Click on a book to learn more about it.

Tuesday, December 22, 2009

2010 Rock and Roll Hall of Fame Inductees

Last week, the 2010 Rock and Roll Hall of Fame inductees were announced. At the onset of the year, I inducted myself into the world of blogging by scrawling down my humble opinions about the 2009 crop of Rock Hall inductees (“How to Get into the Rock and Roll Hall of Fame”). Obviously someone in high-up places at the Hall read my blog and made some adjustments, albeit minor ones.

A year ago I whined about an apparent bias against progressive rock. This year Genesis has finally broken down that door. Hopefully, Yes, Rush, King Crimson, and others will follow. Now, do we get to see Gabriel on stage with Collins, Rutherford, and Banks? Performing something from Lamb Lies Down on Broadway perhaps?

I also complained about an overemphasis on R&B acts and, lo and behold, this year there are no one-hit wonder doo wop groups from the ‘50s on the list. Instead we have Jimmy Cliff, a reggae artist who is best known for the soundtrack for The Harder They Come, not exactly a must-have for the average fan.

Then again, if it were just about the fans, the Stooges might have prolonged their decade-and-a-half overdue entrance into the Hall. Amongst this year’s batch, no act has more “rock cred.” As architects of what became the punk movement in the ‘70s, Iggy & Co. also can lay claim to being the godfathers of most of the alternative music that followed. The Nirvanas and Pearl Jams that are shoo-in inductees within the next-half decade wouldn’t be here if weren’t for the Stooges.

I also lamented a year ago that being a true rock and roll act doesn’t seem to be a requirement. The Rock Hall made it clear long ago that they were more about popular music of the rock era than actual rock. As such, Abba isn’t exactly what people have in mind when they utter the phrase “rock and roll,” but there’s no question they belong in a pop music hall of fame.

Finally, there’s The Hollies, which sort of straddle the line between pop and rock, but do so in such a way that they deserve being regarded as one of the important bands of the British Invasion.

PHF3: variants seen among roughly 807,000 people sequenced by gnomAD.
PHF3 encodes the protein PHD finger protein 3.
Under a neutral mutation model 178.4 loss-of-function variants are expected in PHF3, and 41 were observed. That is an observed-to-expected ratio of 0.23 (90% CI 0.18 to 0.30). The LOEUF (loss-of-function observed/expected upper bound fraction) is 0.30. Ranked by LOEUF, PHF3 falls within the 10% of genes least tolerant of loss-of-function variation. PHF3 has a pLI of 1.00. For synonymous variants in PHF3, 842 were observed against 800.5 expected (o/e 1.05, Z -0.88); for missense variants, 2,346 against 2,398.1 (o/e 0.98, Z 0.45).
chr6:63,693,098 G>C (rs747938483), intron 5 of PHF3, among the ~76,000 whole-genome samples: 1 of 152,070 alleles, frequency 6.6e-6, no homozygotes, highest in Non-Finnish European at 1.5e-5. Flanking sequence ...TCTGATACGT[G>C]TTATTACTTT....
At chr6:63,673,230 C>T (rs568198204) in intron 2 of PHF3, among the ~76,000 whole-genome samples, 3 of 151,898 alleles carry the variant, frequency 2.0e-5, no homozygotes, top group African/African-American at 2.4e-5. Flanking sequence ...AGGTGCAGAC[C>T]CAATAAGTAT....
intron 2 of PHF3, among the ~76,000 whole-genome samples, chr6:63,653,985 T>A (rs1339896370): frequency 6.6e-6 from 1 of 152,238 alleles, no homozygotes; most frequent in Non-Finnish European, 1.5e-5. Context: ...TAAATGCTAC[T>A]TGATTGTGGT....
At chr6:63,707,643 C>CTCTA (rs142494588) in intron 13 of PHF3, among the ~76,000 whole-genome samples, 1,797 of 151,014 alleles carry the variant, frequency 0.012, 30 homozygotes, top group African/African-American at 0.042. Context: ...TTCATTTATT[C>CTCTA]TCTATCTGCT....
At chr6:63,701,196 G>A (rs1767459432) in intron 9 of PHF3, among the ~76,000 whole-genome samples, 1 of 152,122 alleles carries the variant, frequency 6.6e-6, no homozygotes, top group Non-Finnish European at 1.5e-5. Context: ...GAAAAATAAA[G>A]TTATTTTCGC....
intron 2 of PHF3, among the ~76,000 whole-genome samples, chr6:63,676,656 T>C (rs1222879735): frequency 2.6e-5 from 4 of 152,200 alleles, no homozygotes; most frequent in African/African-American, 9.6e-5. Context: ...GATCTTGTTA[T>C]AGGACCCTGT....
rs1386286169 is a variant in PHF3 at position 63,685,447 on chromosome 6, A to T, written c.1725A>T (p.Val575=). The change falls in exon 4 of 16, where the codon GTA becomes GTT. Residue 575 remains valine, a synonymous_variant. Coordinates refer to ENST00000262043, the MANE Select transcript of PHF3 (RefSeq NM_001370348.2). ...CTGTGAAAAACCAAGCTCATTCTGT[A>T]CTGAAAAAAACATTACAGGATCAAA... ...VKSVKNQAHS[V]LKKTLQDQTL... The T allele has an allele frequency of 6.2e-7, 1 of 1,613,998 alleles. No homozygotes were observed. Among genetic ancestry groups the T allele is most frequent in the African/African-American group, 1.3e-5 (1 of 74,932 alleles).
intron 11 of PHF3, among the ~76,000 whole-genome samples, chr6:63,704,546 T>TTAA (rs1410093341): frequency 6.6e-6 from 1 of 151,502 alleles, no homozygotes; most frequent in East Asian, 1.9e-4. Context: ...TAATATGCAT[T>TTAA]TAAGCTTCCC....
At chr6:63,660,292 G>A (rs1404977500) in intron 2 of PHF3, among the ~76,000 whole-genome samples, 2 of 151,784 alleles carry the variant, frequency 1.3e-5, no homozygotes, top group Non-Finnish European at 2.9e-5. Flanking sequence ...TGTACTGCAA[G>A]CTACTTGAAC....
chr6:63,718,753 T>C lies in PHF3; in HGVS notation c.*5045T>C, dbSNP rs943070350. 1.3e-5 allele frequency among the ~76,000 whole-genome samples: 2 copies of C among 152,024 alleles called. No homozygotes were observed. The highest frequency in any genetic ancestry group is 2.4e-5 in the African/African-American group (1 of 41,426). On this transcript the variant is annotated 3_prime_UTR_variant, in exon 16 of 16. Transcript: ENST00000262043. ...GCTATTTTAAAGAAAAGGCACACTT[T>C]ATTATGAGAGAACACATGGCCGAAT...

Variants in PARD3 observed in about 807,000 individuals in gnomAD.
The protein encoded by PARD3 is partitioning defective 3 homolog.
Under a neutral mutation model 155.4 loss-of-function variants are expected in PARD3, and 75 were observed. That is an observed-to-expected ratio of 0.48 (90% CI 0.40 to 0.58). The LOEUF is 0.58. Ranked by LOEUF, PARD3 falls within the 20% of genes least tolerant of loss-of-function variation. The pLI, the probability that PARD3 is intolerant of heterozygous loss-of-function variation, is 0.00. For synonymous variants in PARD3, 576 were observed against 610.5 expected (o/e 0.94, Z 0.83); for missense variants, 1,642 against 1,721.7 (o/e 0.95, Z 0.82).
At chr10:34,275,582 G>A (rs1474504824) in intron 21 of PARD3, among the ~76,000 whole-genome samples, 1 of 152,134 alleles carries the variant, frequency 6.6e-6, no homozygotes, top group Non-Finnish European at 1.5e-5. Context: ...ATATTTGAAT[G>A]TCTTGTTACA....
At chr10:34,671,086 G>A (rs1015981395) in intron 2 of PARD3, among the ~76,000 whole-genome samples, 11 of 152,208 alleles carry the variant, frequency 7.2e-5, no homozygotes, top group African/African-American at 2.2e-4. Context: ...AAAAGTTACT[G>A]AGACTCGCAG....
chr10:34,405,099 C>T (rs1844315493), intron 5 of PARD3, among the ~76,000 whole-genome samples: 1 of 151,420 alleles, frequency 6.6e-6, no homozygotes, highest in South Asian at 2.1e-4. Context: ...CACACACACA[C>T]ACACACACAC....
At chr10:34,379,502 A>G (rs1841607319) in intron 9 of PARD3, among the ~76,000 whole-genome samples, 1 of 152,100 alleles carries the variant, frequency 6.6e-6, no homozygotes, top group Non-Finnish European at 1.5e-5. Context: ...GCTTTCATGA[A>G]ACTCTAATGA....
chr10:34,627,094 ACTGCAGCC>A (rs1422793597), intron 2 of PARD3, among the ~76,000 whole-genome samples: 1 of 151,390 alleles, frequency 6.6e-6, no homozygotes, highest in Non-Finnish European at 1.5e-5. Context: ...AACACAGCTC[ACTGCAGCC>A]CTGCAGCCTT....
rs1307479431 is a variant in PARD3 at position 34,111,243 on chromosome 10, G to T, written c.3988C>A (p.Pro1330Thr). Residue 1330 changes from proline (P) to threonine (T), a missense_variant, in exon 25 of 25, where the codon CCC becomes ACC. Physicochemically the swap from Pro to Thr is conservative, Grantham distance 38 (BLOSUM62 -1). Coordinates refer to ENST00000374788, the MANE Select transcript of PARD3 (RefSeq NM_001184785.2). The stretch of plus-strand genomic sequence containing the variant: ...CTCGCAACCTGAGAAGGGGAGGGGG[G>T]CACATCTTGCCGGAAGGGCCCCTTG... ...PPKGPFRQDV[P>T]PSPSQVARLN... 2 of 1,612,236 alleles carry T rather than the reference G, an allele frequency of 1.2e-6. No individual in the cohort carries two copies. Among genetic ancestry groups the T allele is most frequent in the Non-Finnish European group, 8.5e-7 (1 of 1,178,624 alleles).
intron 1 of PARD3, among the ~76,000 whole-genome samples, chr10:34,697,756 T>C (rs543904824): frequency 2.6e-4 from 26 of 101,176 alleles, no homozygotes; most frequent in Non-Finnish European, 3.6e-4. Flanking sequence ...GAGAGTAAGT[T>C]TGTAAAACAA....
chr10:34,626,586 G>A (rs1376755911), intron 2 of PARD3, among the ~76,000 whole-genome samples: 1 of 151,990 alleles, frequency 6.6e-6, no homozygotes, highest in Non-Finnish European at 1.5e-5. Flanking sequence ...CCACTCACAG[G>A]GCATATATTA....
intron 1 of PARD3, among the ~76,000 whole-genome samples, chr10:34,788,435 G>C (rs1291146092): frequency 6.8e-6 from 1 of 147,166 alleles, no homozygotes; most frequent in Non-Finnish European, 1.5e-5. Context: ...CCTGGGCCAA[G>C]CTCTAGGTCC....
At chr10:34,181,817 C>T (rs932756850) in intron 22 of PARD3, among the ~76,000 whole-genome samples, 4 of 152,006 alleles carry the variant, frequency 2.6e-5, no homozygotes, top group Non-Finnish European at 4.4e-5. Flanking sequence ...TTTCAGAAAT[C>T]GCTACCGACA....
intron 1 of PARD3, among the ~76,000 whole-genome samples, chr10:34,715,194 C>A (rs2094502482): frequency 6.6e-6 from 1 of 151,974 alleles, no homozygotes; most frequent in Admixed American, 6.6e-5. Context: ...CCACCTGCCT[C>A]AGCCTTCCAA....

On the nonperformer end of things, apparently there was an all-out effort to correct some gross oversights. David Geffen, the man who founded Geffen Records and signed artists like the Eagles; Crosby, Stills & Nash; Jackson Browne; and Linda Ronstadt, wasn’t in yet? How about Barry Mann & Cynthia Weil, who helped define the “Brill Building” sound with classics such as “You’ve Lost That Lovin’ Feelin’,” which alone should have been an automatic ticket to induction years ago. Similarly, the writing team of Ellie Greenwich & Jeff Barry, who crafted the Ronettes’ “Be My Baby,” and Ike & Tina Turner’s “River Deep, Mountain High,” have been astonishingly overlooked for years.

And when it comes to overlooked songwriters, how has Otis Blackwell been passed over for so long? Songs like “Great Balls of Fire” and “Don’t Be Cruel” are foundations of rock and roll and their creator wasn’t in the Hall yet? There’s also Mort Shuman, who along with Doc Pomus, wrote songs like “Save the Last Dance for Me” and “Viva Las Vegas.” Similarly, Jesse Stone crafted gems like “Shake, Rattle, and Roll” and “Money Honey.”

There’s still acts that need to be inducted (Kiss, Deep Purple, Rush, and more), especially in light of the head-scratching acts whose influence on rock and roll is questionable. Nonetheless, I tip my hat to some of the oversights which the Rock Hall has corrected this time around. I’m so glad I could be a voice of reason for you last year.

1 comment:

  1. Hi, Dave,

    You do change my opinion of the class a little, although I do agree that Abba stretches the definition of "rock". I'm still a little underwhelmed with this class (much more a fan of Peter Gabriel than Genesis, for instance), and I still think this class raises an interesting question about timing and criteria:

    Aren't acts somehow eligible for induction 25 years after their first "hit" by some measure? I note your listed omissions, but are there no other "first ballot" acts of any more recent vintage?

    Enjoying the blog!

    Jeremy

    ReplyDelete